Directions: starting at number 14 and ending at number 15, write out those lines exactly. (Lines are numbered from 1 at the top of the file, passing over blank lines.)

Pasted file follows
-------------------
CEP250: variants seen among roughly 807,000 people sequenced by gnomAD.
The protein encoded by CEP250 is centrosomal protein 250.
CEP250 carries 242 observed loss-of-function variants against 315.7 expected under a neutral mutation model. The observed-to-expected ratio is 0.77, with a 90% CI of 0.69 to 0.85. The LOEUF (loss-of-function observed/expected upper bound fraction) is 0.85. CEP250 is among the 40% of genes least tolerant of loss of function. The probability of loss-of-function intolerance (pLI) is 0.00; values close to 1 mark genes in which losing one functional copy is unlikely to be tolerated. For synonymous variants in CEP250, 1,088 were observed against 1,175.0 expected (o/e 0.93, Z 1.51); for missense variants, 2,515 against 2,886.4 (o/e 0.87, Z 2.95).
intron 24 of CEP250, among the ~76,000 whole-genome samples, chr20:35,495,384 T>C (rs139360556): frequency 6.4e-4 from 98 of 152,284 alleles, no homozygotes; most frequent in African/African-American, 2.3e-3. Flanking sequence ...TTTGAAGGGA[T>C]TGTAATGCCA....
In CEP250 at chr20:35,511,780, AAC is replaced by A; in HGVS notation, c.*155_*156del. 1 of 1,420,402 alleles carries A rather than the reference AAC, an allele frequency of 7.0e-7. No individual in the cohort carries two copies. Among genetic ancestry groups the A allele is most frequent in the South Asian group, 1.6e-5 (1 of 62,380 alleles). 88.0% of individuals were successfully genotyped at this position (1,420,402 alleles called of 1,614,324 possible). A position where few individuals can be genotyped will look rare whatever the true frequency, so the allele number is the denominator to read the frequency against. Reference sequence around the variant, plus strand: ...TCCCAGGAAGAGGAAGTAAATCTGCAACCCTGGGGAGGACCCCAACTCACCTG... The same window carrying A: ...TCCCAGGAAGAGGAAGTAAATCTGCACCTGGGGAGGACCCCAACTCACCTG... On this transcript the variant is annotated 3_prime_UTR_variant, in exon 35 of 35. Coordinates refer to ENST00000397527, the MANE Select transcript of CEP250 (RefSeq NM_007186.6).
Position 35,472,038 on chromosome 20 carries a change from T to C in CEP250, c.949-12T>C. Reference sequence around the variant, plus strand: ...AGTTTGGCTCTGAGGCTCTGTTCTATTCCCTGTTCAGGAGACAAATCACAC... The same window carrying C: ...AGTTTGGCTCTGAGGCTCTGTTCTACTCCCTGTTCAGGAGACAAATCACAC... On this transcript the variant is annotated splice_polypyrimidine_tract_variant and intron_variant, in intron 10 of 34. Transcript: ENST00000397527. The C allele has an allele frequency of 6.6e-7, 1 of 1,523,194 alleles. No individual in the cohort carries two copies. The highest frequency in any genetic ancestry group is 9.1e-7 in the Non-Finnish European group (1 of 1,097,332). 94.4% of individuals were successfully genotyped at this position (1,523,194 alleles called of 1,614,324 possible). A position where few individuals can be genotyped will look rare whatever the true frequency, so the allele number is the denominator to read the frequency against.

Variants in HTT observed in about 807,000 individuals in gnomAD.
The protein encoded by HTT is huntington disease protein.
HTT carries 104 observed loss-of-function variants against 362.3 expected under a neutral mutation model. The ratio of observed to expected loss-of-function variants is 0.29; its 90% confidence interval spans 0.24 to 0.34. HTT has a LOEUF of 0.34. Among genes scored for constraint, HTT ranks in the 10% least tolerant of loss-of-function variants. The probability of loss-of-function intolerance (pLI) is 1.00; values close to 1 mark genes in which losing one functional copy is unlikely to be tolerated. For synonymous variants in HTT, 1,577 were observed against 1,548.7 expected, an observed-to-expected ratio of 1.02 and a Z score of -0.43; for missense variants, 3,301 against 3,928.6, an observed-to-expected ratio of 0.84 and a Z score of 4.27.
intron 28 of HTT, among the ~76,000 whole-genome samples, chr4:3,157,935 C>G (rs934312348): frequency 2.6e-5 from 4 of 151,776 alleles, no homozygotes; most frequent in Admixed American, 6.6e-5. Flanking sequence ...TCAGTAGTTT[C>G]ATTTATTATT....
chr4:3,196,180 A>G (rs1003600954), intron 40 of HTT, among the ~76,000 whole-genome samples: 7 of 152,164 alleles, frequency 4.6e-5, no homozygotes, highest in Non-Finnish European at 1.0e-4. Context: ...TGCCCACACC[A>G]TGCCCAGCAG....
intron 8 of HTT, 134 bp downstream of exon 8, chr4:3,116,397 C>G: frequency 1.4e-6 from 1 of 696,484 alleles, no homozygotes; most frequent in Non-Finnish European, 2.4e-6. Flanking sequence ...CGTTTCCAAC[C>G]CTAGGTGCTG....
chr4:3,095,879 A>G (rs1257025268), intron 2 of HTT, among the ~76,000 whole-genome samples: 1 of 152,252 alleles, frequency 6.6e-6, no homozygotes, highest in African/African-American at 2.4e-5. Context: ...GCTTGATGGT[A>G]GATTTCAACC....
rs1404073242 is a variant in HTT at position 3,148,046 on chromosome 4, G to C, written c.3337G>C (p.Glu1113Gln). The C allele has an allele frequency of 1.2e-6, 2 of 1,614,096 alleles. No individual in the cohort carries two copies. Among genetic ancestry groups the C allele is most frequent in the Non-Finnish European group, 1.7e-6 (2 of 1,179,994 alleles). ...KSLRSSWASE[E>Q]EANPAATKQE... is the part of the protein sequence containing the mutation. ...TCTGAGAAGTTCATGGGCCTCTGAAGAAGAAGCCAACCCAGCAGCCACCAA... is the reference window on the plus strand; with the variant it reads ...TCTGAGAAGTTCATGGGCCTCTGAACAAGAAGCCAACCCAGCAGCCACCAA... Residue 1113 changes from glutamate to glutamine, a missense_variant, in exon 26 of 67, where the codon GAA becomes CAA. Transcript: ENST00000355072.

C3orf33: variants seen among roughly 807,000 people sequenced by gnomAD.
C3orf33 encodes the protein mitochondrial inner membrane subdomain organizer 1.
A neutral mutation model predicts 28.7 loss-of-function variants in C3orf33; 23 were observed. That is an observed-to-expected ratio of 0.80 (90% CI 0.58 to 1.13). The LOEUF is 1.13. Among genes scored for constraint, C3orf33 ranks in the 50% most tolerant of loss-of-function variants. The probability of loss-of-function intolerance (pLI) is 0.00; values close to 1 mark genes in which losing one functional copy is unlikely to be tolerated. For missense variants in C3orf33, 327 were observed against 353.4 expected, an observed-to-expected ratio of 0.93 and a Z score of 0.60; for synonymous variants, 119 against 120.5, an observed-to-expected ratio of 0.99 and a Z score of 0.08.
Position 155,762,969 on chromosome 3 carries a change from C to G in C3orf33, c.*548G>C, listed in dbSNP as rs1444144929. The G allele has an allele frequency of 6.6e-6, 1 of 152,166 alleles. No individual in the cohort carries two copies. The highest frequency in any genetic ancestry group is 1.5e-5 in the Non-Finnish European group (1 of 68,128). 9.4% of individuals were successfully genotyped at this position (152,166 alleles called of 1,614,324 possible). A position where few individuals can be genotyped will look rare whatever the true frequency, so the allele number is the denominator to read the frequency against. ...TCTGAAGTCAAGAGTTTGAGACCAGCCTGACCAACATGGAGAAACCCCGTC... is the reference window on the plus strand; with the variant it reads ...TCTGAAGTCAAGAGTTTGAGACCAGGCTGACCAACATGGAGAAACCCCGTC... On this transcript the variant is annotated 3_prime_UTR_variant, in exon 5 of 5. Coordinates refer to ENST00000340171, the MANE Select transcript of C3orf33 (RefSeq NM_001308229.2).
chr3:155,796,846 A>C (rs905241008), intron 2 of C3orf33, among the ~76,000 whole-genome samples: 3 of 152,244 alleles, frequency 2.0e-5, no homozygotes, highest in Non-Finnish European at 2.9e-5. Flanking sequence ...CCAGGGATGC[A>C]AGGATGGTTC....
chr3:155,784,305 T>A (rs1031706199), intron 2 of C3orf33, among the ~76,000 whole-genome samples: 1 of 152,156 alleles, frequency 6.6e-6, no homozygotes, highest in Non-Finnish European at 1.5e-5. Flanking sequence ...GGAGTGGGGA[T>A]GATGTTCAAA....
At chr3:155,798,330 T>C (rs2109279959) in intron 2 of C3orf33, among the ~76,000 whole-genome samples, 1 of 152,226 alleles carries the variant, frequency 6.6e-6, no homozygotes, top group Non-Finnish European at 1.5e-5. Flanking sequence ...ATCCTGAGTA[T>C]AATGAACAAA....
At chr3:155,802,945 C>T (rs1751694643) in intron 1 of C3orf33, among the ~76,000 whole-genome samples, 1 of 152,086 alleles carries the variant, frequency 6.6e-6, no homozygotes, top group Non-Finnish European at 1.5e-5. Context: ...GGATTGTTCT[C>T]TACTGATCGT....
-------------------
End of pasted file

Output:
rs1404073242 is a variant in HTT at position 3,148,046 on chromosome 4, G to C, written c.3337G>C (p.Glu1113Gln). The C allele has an allele frequency of 1.2e-6, 2 of 1,614,096 alleles. No individual in the cohort carries two copies. Among genetic ancestry groups the C allele is most frequent in the Non-Finnish European group, 1.7e-6 (2 of 1,179,994 alleles). ...KSLRSSWASE[E>Q]EANPAATKQE... is the part of the protein sequence containing the mutation. ...TCTGAGAAGTTCATGGGCCTCTGAAGAAGAAGCCAACCCAGCAGCCACCAA... is the reference window on the plus strand; with the variant it reads ...TCTGAGAAGTTCATGGGCCTCTGAACAAGAAGCCAACCCAGCAGCCACCAA... Residue 1113 changes from glutamate to glutamine, a missense_variant, in exon 26 of 67, where the codon GAA becomes CAA. Transcript: ENST00000355072.

C3orf33: variants seen among roughly 807,000 people sequenced by gnomAD.